In the case of this song, the thoughts and emotions come across as those related to depression.  This is inferred as De Jong sings that “The world keeps crashing down around me/Time and time again…When I look around to find that everything…is temporary…We are mortal beings…”  There is, again, much that is difficult to decipher here without lyrics to reference.  On a related note that is in fact partially because of the almost Kurt Cobain style of vocal delivery that De Jong uses as he sings.  It is that nearly indecipherable, semi-mumbling approach with slurring along the way that made Cobain such a unique vocalist.  Getting back on the matter at hand, the song’s lyrical content, at this point, hints relatively clearly at someone who is in a dark place.  That is even with what little is decipherable without lyrics to reference.  The vulnerability that De Jong and company show here, much as in ‘Crooked Monsters’ will connect with listeners in its own way.  That coupled with the unique musical arrangement here adds to the song’s impact.  The end result is that the song proves even more, the growth and change presented in Tangaroa.  It is just one more of the album’s most notable songs.  ‘Down The Rabbit Hole,’ which closes out the album, is yet another way in which Tangaroa proves mostly successful.

‘Down The Rabbit Hole’ presents one of many Soulfly-esque arrangements that flesh out the album.  In the case of each song (including this one) the arrangement still boasts its own unique arrangement.  The richness and heaviness exhibited throughout the arrangement makes it stand out.  Listeners can hear just as much of an influence from Sepultura (from Max Cavalera’s days as its front man) as from his work with Soulfly.  The thing is that even with those similarities in sound and style, the song still boasts its own work.  In other words the similarity is there, but it is not just a rip-off of any of the noted bands’ works.  As a matter of fact, at one point in the five-minute-plus song, it pulls back some and puts forward the slightest touch of what sounds and feels like a classic rock vibe.  Yes, that was really noted.  It is brief, but really makes things interesting in its own right.  The semi-jam session that breaks out in the song’s closing bars is interesting in its own right, too, showing even more, the originality in the song’s presentation.  All things considered, the arrangement in whole shows in its own way, the band’s growth.  When that is considered along with the song’s lyrical theme, the interest increases.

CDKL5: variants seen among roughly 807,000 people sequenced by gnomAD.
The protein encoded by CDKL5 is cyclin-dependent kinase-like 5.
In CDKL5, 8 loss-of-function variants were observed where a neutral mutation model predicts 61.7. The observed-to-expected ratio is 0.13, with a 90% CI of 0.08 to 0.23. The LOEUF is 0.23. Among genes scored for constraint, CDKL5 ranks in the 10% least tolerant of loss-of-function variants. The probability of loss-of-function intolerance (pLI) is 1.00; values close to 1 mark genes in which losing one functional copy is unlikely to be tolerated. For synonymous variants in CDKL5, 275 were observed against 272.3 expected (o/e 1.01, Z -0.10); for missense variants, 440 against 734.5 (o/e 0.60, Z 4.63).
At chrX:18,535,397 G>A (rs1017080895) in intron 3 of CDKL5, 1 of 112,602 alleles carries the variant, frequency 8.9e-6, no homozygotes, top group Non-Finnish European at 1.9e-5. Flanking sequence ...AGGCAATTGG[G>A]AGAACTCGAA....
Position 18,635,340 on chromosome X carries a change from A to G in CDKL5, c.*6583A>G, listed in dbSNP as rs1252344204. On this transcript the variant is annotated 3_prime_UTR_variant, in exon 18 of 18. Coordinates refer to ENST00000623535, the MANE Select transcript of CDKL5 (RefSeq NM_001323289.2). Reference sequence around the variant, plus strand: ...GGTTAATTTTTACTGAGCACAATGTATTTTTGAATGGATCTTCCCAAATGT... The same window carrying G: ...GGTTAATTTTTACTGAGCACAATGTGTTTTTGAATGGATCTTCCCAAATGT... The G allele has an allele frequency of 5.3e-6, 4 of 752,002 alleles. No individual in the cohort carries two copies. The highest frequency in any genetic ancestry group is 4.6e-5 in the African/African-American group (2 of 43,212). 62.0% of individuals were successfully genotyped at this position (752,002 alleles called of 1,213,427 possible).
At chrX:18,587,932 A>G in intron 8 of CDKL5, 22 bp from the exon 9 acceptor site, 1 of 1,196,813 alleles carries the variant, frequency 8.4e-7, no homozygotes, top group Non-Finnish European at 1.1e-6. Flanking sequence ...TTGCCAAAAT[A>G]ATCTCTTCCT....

Once again, much of the song’s lyrical content is difficult to decipher sans lyrics to reference.  At the same time, just enough is understandable that listeners can infer that this song is a commentary about a relationship that has changed over time.  That mention of “you made me what I am” alongside so much else seems to push the song’s lyrical interpretation in that direction.  Additionally, the commentary that “You say you’ve changed/You say you’re sorry/But I can’t help but wonder/Looking back…Apologies/Only go so far/And yet I prosper” adds even more to that inference.  It would help make the song’s title make more sense.  Going down the rabbit hole here is going down the rabbit hole of what has happened in the relationship so to speak.  Again, this is just this critic’s own interpretation and should not be taken as the only interpretation.  Considering this inference and the song’s unique musical arrangement, the whole once again shows real change and willingness to try something different while also making sure the band doesn’t alienate its established audiences here.  When the song is considered along with the other songs examined here and the rest of the album’s entries, the whole of that content makes clear, the album is worth hearing and a mostly successful new offering from Alien Weapony.

Alien Weaponry’s sophomore album, Tangaroa, is an interesting new offering from the up-and-coming hard rock band.  That is proven through its musical and lyrical content alike.  The album offers its established audiences plenty of familiar content in both avenues as well as some new content that shows the band’s willingness to take some risks.  The two sides together make the album well worth hearing and a sign of the bands potential future.  Tangaroa is scheduled for release Friday through Napalm Records.

More information on Tangaroa is available along with all of the band’s latest news at:




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1 thought on “‘Tangaroa’ Shows Promise For Alien Weaponry’s Future

  1. Pingback: Alien Weaponry Debuts ‘Hatupatu’ Video | philspicks